Thursday, January 24, 2008

What's So Different About Israel?

Yesterday in New York City, the United Nations Security Council met to discuss Israel's imposition of a blockade on the Gaza Strip, a meeting most vociferously called for by the Arab League but supported by much of the so-called civilized world. And as tens of thousands of Gazans poured over the Egyptian border into the Sinai Peninsula, following the destruction of security barriers by Palestinian terrorists at the Rafah checkpoint, in Geneva the troubled United Nations Human Rights Council decided to stick with tradition - the vilification of a single country, and a democratic one at that.

The Human Rights Council condemned Israel for the most recent measures it had taken to protect itself from rockets being fired from Hamas-ruled Gaza. Predictably, the UNHRC failed to condemn the rocket attacks which sparked the blockade. When it comes to Israel, the UN and its organizations rush to lynch the Jewish State without a second thought; when it comes to Sudan - you know, where genocide is taking place in Darfur - the UNHRC can only express "deep concern".

Why must Israel countenance what no other country is expected to tolerate?

Moscow last week reiterated its right to use nuclear weapons to defend itself against threats to the Russian Federation and its allies...serving us a possible reminder in the process that Russia doesn't believe it can count on its conventional forces to do the job. Even with all the noise these days about Iran's suspected nuclear weaponization programs and U.N. sanctions against Tehran, I don't hear above the din a questioning of the Islamic Republic's inherent right to self-defense. China has reserved for itself the right to take military action against Taipei should an already independent and democratic Taiwan publicly declare its independence from the Communist regime in Beijing.

When Argentina's military junta occupied the Falkland Islands in early 1982, Britain responded to that surprise invasion of a U.K. Overseas Territory by sending the Royal Navy to retake the islands. Just a little over a month after the terrorist attacks of September 11, 2001, the United States were in Afghanistan fighting alongside the Northern Alliance to overthrow a Taliban that had given aid and sanctuary to Usama bin Laden and his al-Qaeda operatives.

If rockets were being fired daily from Saskatchewan into northeastern Montana, you can bet the United States would consider sending warplanes against suspected launch sites if the Canadian government refused to act to stop the missile firing. If suicide bombers were flowing into Arizona from Mexico and blowing themselves up at the Tucson Mall or Arizona Mills, you bet your ass Washington would make demands of Mexico City that, if not heeded, would lead to an occupation of Mexican territory and checkpoints manned by U.S. soldiers charged with the task of preventing the entry of terrorists into America (but not the entry of illegal immigrants).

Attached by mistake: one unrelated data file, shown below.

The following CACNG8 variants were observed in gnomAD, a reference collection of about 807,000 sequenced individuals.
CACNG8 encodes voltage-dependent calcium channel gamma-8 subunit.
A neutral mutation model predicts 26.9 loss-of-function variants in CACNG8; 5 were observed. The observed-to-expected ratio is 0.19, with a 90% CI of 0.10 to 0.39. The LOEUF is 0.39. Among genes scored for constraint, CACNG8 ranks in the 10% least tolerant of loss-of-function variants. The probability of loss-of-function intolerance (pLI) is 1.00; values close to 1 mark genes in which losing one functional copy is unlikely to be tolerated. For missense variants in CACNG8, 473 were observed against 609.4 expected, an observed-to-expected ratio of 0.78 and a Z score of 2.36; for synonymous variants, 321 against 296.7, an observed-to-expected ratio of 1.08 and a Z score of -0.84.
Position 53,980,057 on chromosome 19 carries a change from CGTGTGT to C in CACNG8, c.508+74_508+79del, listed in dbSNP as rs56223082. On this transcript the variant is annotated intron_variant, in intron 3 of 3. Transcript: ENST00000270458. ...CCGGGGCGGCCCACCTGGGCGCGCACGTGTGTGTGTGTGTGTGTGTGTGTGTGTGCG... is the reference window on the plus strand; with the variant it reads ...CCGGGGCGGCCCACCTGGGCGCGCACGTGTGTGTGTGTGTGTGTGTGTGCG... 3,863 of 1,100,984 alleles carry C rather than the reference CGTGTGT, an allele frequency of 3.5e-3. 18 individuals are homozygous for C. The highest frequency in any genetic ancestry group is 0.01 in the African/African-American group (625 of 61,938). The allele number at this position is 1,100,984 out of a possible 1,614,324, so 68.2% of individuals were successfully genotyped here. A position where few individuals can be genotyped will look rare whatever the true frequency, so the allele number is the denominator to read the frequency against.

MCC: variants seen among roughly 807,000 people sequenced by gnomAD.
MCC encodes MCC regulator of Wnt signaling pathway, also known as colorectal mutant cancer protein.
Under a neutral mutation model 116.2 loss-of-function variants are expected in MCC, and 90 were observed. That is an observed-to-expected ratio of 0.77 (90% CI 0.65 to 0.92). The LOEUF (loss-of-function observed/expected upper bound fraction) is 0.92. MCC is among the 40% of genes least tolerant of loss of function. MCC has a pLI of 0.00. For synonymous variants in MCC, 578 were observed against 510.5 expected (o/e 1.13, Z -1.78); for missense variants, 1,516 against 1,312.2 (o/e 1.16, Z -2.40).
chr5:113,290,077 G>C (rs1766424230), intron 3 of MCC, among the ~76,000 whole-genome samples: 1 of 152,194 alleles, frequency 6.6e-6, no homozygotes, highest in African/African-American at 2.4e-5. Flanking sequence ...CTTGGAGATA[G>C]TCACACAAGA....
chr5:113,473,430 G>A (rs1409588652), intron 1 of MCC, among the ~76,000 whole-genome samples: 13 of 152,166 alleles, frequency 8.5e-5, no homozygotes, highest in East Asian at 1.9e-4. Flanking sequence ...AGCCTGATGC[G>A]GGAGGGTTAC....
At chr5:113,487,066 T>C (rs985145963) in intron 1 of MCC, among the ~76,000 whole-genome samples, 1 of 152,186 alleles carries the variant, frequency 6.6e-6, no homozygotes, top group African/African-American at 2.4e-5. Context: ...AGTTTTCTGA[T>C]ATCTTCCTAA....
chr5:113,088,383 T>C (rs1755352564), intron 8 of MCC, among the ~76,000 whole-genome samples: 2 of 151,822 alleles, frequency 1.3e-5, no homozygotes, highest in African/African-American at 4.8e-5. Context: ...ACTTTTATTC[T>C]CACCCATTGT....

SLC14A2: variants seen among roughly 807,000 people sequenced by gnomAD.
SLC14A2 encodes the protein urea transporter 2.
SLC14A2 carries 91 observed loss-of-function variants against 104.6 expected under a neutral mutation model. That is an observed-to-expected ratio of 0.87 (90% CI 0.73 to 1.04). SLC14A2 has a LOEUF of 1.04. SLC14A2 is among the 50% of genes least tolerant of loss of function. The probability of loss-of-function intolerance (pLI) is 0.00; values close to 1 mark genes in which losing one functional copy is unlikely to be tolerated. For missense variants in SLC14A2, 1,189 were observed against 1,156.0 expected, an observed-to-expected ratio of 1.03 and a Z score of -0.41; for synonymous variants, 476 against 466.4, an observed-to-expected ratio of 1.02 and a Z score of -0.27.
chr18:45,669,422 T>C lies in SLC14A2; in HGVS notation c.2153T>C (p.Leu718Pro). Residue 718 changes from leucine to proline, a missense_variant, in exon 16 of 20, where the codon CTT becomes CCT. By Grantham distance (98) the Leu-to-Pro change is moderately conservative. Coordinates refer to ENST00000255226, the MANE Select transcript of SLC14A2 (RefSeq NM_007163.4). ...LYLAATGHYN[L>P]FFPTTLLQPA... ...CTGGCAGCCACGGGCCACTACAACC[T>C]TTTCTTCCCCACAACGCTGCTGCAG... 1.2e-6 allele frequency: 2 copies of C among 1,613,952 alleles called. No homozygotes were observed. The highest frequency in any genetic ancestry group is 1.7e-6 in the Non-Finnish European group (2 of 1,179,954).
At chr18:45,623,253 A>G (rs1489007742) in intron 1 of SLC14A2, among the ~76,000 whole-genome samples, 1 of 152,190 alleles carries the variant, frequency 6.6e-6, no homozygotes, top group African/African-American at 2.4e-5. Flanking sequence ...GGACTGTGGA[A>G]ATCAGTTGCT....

Continual Palestinian rocket fire against Israeli border towns, the Kassams emanating from the Gaza Strip which are aimed primarily at Israeli civilians, consistently fails to produce Security Council action. No one outside of Israel but America seems to care when the missiles are aimed at the Jews. But
the world community almost immediately calls for UNSC action when an Israeli blockade against the Hamas-ruled territory is declared and enforced by the politicians in Jerusalem and the generals in Tel Aviv. The EU deplores Israel's "collective punishment" of Gazans, wilfully ignoring the 60+ years of "collective punishment" of Israelis and Jews by the Arab world.

"Hypocrisy" is too kind a word to apply to such phenomena; in this case I prefer the actual scientific-technical terminology, viz. "bullshit" or "complete bullshit."


Think I'm exaggerating about the United Nations Human Rights Council's tendency to single out the Jewish State at the expense of, well, its mandate? The United States' ambassador to the UN, Zalmay Khalilzad, spoke last year of the "council's relentless focus during the year on a single country - Israel," noting the Council had failed "to address serious human rights violations taking place in other countries such as Zimbabwe, the DPRK (a.k.a. North Korea), Iran, Belarus and Cuba."